Sullivanesque, or Lost on Ontario Street

One evening I walked down Ontario Street in Chicago looking at the buildings around me. Some seemed to belong to an earlier generation of skyscrapers. The one in the featured photo seemed to be special. Unfortunately, I did not mark the crossing it was on, so now I find it hard to figure out its name or research its history.

There are many reasons it stands out. First, it is only fifteen stories high, a dwarf amongst today’s buildings. But more than that, it has a red-brick and plaster exterior, the kind that I associate with Louis Sullivan, the originator of modern skyscraper architecture. Is this building by Sullivan or his firm? I can’t check, since I didn’t note the address, but I guess it is not likely. But notice that the bottom two stories are plaster clad. This is certainly a deep homage to Sullivan’s style. So are the decorations around the windows on the top floor. The white vertical lines emphasizing the height of the building are also typical elements of his style.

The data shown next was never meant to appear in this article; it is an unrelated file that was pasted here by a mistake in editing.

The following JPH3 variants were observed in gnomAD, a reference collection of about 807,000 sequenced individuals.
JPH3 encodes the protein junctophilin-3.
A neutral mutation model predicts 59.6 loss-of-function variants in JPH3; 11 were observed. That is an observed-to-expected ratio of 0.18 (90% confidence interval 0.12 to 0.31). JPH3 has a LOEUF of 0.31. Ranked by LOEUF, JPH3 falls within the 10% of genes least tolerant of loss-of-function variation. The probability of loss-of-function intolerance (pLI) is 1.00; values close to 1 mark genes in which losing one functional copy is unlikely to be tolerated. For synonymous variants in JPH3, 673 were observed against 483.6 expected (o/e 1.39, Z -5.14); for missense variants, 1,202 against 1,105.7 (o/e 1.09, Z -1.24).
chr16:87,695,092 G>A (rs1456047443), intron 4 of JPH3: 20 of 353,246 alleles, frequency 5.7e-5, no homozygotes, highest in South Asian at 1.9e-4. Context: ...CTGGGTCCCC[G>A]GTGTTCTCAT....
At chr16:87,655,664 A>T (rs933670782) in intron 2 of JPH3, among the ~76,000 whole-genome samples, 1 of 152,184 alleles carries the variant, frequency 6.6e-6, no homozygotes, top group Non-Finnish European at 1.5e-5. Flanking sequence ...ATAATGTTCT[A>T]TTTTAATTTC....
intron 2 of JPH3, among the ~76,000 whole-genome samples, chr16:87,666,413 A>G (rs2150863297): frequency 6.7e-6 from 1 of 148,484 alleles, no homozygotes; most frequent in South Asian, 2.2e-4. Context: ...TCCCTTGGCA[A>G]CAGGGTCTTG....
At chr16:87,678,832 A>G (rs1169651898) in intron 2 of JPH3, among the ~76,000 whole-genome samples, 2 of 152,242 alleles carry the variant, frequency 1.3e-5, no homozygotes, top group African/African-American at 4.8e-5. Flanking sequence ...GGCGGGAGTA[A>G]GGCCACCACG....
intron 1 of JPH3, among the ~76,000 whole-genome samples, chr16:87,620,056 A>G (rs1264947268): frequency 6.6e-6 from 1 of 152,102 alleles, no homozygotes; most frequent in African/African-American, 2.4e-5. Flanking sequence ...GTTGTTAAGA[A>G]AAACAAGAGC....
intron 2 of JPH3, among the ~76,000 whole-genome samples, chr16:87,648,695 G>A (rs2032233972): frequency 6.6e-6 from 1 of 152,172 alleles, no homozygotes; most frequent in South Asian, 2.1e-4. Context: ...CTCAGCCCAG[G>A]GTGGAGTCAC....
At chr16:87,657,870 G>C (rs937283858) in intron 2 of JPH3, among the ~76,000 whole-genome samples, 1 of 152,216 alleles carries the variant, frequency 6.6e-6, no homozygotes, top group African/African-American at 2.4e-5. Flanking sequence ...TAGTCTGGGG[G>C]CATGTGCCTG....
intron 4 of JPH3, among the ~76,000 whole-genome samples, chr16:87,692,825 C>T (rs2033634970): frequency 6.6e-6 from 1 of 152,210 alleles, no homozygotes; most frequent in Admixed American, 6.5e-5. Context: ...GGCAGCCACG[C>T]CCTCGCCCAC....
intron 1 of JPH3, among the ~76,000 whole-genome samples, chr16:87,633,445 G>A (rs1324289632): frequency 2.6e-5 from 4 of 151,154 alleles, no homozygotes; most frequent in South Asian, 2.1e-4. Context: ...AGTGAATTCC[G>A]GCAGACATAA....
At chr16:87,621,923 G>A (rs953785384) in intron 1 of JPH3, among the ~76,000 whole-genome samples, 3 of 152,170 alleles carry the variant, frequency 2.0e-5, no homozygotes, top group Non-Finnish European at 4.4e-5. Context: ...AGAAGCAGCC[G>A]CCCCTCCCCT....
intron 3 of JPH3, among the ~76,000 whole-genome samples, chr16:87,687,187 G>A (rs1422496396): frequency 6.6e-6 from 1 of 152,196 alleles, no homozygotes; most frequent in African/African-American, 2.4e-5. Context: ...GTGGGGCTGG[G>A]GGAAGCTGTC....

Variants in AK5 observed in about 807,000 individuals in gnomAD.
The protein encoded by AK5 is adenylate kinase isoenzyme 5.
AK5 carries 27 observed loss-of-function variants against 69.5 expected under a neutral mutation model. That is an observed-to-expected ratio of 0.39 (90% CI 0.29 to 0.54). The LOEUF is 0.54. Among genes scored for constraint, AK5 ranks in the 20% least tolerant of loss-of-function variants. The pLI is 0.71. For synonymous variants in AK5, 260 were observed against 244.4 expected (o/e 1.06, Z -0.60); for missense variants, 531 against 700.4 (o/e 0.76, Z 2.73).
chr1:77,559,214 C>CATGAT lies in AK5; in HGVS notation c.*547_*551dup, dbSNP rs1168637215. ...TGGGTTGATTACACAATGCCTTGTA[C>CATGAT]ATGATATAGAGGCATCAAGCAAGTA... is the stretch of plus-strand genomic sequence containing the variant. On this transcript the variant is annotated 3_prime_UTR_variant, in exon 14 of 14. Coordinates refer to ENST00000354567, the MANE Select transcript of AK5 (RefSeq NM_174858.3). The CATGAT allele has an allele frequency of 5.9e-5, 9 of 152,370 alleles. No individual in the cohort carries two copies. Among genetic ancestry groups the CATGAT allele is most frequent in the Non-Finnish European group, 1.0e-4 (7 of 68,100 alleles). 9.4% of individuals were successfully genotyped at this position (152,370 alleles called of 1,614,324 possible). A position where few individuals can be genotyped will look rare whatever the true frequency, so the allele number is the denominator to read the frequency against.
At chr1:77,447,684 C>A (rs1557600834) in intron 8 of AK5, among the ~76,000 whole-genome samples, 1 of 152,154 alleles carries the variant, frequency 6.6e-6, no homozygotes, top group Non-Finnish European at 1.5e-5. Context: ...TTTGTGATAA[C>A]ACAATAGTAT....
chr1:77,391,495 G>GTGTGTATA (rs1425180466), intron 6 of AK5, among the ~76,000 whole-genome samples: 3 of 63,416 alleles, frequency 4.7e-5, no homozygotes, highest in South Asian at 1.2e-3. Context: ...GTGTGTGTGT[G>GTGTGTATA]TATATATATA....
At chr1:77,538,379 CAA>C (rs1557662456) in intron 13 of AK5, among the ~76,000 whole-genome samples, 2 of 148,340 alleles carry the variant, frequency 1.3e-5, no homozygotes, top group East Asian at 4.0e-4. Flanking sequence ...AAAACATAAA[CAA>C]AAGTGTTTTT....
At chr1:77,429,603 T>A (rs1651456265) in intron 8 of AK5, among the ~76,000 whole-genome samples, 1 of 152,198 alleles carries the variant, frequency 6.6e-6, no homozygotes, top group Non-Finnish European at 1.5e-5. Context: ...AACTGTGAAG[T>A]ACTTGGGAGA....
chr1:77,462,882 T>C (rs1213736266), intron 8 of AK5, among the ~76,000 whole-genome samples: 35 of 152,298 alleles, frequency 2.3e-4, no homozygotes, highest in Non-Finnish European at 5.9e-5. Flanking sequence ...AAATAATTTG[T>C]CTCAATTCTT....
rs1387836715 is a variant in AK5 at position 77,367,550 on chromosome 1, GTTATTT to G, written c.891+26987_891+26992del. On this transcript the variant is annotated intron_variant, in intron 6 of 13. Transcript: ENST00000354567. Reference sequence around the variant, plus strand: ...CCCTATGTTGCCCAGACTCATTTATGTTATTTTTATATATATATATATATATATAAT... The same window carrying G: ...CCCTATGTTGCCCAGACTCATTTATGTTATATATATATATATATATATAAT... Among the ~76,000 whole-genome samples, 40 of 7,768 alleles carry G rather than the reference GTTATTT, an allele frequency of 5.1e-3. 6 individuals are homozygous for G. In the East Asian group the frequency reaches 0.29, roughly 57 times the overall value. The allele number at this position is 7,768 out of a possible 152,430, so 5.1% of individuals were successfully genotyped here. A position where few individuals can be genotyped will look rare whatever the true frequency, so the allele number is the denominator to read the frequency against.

I am a little distressed at not being able to place this building, and would appreciate hearing from you if you know more about it, or are able to identify it.

Foggy Nights in the Loop

It is interesting to walk through the Loop area of Chicago with its lovely skyscrapers. If I remember correctly, it was in Chicago that the first skyscapers were built in the late 19th century. Sullivan then branched out into a new style of architecture called the Chicago School. Later developments in the construction of these buildings also came from Chicago. I think this is also the correct season to emphasize the role of Fazlur Khan in the structural engineering fundamentals of all modern skyscrapers: he worked in the Illinois Institute of Technology in Chicago.


I liked walking through the fog on Michigan Avenue. The best thing about fog in Chicago at this time of the year is that it keeps the city warm. On a night without fog the temperature dropped almost to 10 Celsius below zero. With the fog the temperature is a mild 2 degrees above. The second is that you get lovely photos of the city: from the view of Michigan Avenue above, to the riverside skyscrapers in the featured photo. Chicago is beautiful at this time.